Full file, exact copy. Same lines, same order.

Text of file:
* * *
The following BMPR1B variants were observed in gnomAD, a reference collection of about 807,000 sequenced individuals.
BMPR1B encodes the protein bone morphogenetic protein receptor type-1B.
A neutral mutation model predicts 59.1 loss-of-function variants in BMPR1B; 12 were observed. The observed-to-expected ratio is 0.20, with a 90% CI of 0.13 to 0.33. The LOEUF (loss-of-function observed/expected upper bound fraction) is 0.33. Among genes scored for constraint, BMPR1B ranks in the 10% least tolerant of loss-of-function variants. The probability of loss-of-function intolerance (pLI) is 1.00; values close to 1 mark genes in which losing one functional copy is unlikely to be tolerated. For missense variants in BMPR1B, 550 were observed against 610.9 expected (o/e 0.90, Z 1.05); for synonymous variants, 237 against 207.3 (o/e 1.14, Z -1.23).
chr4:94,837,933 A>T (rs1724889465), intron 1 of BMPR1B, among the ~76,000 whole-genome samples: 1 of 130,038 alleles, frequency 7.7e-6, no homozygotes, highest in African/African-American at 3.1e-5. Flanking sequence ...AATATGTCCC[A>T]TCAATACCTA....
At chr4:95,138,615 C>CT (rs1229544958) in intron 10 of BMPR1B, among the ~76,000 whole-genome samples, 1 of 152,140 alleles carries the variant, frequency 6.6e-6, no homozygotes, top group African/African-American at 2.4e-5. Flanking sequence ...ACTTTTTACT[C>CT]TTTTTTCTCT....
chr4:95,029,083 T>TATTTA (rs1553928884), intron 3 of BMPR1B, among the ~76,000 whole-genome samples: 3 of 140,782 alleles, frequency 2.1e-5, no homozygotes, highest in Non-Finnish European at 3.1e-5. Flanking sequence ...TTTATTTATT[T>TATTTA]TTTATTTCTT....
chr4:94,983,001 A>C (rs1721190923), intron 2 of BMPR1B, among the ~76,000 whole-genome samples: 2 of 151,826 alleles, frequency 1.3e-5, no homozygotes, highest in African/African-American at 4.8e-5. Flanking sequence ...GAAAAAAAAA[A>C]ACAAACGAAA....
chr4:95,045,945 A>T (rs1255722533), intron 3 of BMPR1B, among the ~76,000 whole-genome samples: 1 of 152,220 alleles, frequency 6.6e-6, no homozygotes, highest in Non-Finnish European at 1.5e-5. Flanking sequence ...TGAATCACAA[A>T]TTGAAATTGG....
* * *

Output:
The following BMPR1B variants were observed in gnomAD, a reference collection of about 807,000 sequenced individuals.
BMPR1B encodes the protein bone morphogenetic protein receptor type-1B.
A neutral mutation model predicts 59.1 loss-of-function variants in BMPR1B; 12 were observed. The observed-to-expected ratio is 0.20, with a 90% CI of 0.13 to 0.33. The LOEUF (loss-of-function observed/expected upper bound fraction) is 0.33. Among genes scored for constraint, BMPR1B ranks in the 10% least tolerant of loss-of-function variants. The probability of loss-of-function intolerance (pLI) is 1.00; values close to 1 mark genes in which losing one functional copy is unlikely to be tolerated. For missense variants in BMPR1B, 550 were observed against 610.9 expected (o/e 0.90, Z 1.05); for synonymous variants, 237 against 207.3 (o/e 1.14, Z -1.23).
chr4:94,837,933 A>T (rs1724889465), intron 1 of BMPR1B, among the ~76,000 whole-genome samples: 1 of 130,038 alleles, frequency 7.7e-6, no homozygotes, highest in African/African-American at 3.1e-5. Flanking sequence ...AATATGTCCC[A>T]TCAATACCTA....
At chr4:95,138,615 C>CT (rs1229544958) in intron 10 of BMPR1B, among the ~76,000 whole-genome samples, 1 of 152,140 alleles carries the variant, frequency 6.6e-6, no homozygotes, top group African/African-American at 2.4e-5. Flanking sequence ...ACTTTTTACT[C>CT]TTTTTTCTCT....
chr4:95,029,083 T>TATTTA (rs1553928884), intron 3 of BMPR1B, among the ~76,000 whole-genome samples: 3 of 140,782 alleles, frequency 2.1e-5, no homozygotes, highest in Non-Finnish European at 3.1e-5. Flanking sequence ...TTTATTTATT[T>TATTTA]TTTATTTCTT....
chr4:94,983,001 A>C (rs1721190923), intron 2 of BMPR1B, among the ~76,000 whole-genome samples: 2 of 151,826 alleles, frequency 1.3e-5, no homozygotes, highest in African/African-American at 4.8e-5. Flanking sequence ...GAAAAAAAAA[A>C]ACAAACGAAA....
chr4:95,045,945 A>T (rs1255722533), intron 3 of BMPR1B, among the ~76,000 whole-genome samples: 1 of 152,220 alleles, frequency 6.6e-6, no homozygotes, highest in Non-Finnish European at 1.5e-5. Flanking sequence ...TGAATCACAA[A>T]TTGAAATTGG....